In an address to the National Press Club on Wednesday, former Australian Prime Minister Paul Keating denounced this week’s AUKUS nuclear-submarine deal as an aggressive attempt to maintain “US hegemony in Asia.”
Keating sharply rejected claims that Australia’s acquisition of the submarines had anything to do with repelling “Chinese aggression.” Instead, the advanced crafts were being purchased to conduct offensive operations throughout the Indo-Pacific, including near the Chinese coastline.
Underscoring the historic implications of the AUKUS announcement, Keating described it as the last link in the chain of a full-scale US military encirclement of China aimed at preparing for war.
The event with Keating was held the day after Australian Prime Minister Anthony Albanese stood alongside his British counterpart Rishi Sunak and US President Joe Biden to announce the agreement.
Australia will purchase between three and five US Virginia-class nuclear-powered submarines off the shelf in the early 2030s. Later in the decade, it will assist in the manufacture of a new fleet of six to eight subs, based on the British Astute design but fitted with American military technology. Far sooner than either of these initiatives, however, Australia will host a growing number of British and US nuclear-powered subs.
Keating, who was Labor prime minister from 1991 to 1996, remains a prominent political personality. He is a right-wing figure directly implicated in Australia’s participation in criminal US-led wars and military interventions.
Keating is not criticising AUKUS, the militarist pact between Australia, Britain and the US, from the standpoint of opposition to war or imperialism. Instead, he speaks for a minority wing of the ruling elite itself, which is fearful of the disastrous consequences for Australian capitalism of participating in a full-blown war with China, its largest trading partner.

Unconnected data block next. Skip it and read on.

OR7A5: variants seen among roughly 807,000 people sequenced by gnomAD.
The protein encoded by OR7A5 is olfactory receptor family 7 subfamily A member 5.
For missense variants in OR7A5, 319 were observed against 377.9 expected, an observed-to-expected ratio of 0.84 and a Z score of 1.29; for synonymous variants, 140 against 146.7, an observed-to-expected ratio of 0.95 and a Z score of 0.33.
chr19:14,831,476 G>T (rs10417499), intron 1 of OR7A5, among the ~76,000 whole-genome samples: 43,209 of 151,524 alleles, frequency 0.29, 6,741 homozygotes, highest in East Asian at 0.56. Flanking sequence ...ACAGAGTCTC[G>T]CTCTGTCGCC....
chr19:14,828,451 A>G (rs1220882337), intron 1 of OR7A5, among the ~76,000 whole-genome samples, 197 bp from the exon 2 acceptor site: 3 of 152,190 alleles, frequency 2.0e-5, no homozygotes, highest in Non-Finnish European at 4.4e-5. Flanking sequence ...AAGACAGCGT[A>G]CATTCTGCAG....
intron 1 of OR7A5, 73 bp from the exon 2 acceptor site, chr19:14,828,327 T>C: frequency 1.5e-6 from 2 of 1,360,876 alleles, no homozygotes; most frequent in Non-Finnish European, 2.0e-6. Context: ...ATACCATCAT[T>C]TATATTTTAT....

Keating’s remarks, however, have struck a broader chord, because they are a rare exception to near universal support for the US alliance and each new step of a military build-up within the political and media establishment. He spoke certain basic truths, which are generally all but forbidden in official discussion.
Whereas it is always asserted that the US and its allies, such as Australia, are responding to Chinese “threats” and a purported military build-up by Beijing, Keating pointed to the real dynamic. China had committed the “mortal sin” of having “grown as large as the United States” economically.
The US wished to remain the “primary strategic power” in East Asia. To that end, “Its geostrategic priority is to contain China economically and militarily.”
Keating lambasted claims that China posed a military threat to the US or Australia. The US was protected by “two vast oceans.” To invade Australia, the Chinese would need to launch an armada that would be wiped out on the more than 6,000-kilometre journey between the two countries. The US, moreover, remained the world’s preeminent military power.
And China, Keating noted, had no such ambitions for offensive military operations. He cited the US Defence Department’s 2022 annual report to Congress, which said that Beijing’s only military aim was to “restrict the US from having a presence on China’s periphery.” Or, as Keating spelled out, Beijing wishes that the US and its allies would cease provocative military operations and patrols off the Chinese coastline.